Cbd education

CBD 101: An Introductory Course

CBD (in the form of oils, creams, lotions, edibles and more) has entered mainstream America! Their presence has been noted in the fields of food and beverages, cosmetics, and pharmaceuticals. With projections for this industry to surpass $20 billion dollars by the year 2024, healthcare providers need to be aware of the ever-growing consumer usage, as well as the medical and legal implications for its users.

CBD is defined as cannabidiol. It is an active chemical in the Cannabis Sativa plant (also known as marijuana or hemp). While CBD is one of over 80 chemicals known as cannabinoids, by itself it does not cause a “high.” According to the World Health Organization, CBD exhibits no effects indicative of any abuse or dependence potential. Furthermore, to date, there is no evidence of public health-related problems associated with the use of pure CBD. The issue at hand is actually the origin of the CBD ingredients. While delta-9-tetrahydrocannabinol (THC) is the major active ingredient in marijuana, cannabidiol is also obtained from hemp, which contains only very small amounts of THC. The purpose of the continuing education program is to inform and educate healthcare providers on the various forms of CBD and their usage in mainstream medicine.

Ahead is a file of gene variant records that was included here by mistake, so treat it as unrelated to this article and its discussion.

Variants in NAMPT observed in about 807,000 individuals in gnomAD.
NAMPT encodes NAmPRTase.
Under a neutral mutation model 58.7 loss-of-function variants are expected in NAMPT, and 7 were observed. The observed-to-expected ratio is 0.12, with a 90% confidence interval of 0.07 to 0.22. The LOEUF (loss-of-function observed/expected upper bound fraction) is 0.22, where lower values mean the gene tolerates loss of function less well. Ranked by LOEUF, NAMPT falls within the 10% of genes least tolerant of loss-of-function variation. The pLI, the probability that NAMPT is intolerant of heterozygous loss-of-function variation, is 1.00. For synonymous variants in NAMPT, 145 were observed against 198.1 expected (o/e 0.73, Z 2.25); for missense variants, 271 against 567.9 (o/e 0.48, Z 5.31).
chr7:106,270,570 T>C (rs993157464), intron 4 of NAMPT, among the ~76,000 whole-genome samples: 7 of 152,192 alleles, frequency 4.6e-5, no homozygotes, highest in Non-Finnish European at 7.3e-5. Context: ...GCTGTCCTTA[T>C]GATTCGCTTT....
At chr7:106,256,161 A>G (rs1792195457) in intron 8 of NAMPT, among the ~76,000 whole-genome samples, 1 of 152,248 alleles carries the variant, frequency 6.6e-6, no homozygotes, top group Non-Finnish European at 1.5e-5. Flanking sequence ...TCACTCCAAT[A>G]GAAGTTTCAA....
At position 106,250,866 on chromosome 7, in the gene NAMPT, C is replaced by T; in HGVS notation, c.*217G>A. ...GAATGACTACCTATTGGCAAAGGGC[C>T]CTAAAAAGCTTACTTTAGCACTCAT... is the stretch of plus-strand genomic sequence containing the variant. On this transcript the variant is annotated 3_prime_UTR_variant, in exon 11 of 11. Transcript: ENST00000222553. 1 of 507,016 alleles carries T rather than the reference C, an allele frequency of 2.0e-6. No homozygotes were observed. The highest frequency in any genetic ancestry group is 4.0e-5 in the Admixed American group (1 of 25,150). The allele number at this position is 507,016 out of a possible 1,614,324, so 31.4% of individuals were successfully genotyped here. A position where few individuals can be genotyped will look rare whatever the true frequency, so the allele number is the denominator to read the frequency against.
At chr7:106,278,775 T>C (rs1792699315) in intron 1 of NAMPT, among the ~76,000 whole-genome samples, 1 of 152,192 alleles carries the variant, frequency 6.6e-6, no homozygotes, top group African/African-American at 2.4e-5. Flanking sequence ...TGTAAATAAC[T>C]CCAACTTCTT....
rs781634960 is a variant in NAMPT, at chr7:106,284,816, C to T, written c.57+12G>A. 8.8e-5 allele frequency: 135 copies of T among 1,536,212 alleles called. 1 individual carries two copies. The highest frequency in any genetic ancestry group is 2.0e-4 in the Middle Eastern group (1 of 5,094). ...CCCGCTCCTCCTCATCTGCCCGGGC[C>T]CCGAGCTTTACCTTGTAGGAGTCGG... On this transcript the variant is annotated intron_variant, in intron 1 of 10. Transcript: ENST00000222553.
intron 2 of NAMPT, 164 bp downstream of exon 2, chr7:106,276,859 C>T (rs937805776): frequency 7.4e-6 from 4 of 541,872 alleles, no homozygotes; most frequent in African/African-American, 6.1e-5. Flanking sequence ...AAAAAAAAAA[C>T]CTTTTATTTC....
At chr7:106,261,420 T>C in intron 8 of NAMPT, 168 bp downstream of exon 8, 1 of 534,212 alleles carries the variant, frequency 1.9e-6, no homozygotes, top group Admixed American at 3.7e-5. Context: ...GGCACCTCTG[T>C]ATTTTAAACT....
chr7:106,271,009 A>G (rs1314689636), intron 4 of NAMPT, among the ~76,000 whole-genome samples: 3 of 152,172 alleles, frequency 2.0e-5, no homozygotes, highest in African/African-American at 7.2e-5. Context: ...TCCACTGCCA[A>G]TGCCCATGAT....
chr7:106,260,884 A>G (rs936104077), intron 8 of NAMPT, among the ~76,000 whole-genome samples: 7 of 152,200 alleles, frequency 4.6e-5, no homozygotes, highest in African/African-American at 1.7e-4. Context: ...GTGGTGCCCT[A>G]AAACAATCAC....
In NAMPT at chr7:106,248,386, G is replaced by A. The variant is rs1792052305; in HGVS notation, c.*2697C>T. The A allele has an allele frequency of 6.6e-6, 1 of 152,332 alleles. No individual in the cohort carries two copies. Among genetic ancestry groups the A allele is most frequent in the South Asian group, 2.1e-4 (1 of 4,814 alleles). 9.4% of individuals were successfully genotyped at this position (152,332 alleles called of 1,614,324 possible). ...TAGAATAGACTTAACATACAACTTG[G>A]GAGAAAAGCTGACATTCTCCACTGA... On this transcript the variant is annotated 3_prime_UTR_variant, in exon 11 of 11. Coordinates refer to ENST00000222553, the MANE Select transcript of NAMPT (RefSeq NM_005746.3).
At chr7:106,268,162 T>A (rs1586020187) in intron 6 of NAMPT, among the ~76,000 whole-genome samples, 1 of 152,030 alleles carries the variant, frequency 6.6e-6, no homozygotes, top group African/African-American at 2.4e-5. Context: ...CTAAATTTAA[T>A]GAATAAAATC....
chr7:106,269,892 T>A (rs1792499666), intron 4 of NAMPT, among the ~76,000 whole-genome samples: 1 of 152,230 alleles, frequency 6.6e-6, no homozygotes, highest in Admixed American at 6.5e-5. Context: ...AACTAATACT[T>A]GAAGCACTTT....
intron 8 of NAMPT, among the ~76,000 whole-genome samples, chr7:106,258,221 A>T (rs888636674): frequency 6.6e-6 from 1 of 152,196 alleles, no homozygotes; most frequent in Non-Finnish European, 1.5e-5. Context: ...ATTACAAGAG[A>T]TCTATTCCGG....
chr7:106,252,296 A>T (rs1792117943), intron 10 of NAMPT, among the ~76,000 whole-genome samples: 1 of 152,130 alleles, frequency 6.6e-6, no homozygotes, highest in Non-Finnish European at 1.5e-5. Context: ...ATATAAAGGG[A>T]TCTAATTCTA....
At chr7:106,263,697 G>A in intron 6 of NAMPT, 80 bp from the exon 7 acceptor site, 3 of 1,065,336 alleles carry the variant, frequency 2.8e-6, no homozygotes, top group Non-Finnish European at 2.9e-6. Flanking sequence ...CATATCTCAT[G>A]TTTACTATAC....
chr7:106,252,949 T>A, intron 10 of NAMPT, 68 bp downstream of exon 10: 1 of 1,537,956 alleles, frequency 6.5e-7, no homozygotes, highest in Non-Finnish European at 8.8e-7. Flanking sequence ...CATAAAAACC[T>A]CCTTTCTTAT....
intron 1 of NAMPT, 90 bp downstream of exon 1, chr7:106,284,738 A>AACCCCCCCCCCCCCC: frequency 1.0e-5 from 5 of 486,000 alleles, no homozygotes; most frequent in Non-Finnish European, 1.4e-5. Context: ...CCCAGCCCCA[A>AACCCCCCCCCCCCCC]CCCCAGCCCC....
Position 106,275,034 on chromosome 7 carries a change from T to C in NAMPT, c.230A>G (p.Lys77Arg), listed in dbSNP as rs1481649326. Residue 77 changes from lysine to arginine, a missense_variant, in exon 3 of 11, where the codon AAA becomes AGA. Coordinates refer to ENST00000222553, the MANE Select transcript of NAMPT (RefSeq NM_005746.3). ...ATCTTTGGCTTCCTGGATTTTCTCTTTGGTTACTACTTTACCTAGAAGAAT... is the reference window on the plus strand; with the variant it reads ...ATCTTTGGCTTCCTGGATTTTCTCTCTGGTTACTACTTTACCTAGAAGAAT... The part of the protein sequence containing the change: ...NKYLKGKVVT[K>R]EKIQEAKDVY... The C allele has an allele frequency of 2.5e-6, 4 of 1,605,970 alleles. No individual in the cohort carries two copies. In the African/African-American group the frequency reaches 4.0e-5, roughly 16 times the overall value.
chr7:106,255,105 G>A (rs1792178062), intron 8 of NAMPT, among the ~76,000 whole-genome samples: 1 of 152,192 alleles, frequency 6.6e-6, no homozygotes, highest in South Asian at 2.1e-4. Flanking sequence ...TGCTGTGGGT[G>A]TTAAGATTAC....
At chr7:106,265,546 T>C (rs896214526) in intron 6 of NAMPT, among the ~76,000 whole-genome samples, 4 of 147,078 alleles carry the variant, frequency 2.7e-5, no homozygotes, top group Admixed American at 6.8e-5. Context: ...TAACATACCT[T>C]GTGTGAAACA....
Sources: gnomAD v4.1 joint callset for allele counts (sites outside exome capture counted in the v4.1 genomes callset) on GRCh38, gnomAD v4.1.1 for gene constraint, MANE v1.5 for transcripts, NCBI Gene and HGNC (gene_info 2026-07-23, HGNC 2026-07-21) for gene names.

Upon completion of this course, participants will be able to:

  1. Discuss the origins of CBD usage.
  2. Verbalize differences between marijuana-based and hemp-based CBD products.
  3. Identify recognized usages for CBD (disease-specific).
  4. Discuss route of administration for CBD usage.
  5. Discuss components of the farming hemp bill.
  6. Verbalize federal laws related to CBD usage (healthcare workers and urine drugs screens).
  7. Discuss medical marijuana act/medical compassion act.
  8. Identify state rules regarding CBD.
  9. Acknowledge the need for additional research to identify CBD based products that offer optimal benefit with minimal risk.


Chapter 2: History of CBD

Chapter 3: The Endocannabinoid System

  • Ingested
  • Sublingual
  • Topical
  • Inhaled
  • Insufficient Evidence
  • The Entourage Effect
  • National Institutes Of Health (NIH) Views On CBD
  • Centers For Disease Control and Prevention (CDC) and CBD
  • World Health Organization (WHO) and CBD
  • Legal Issues: Urine Drug Screens

Chapter 10: CBD And The American Cannabis Nurse Association (ACNA)

  • California Bill 241
  • Implicit Bias in Healthcare
  • What is Implicit Bias?
  • Implications of Implicit Bias in Healthcare
  • How to Reduce Implicit Bias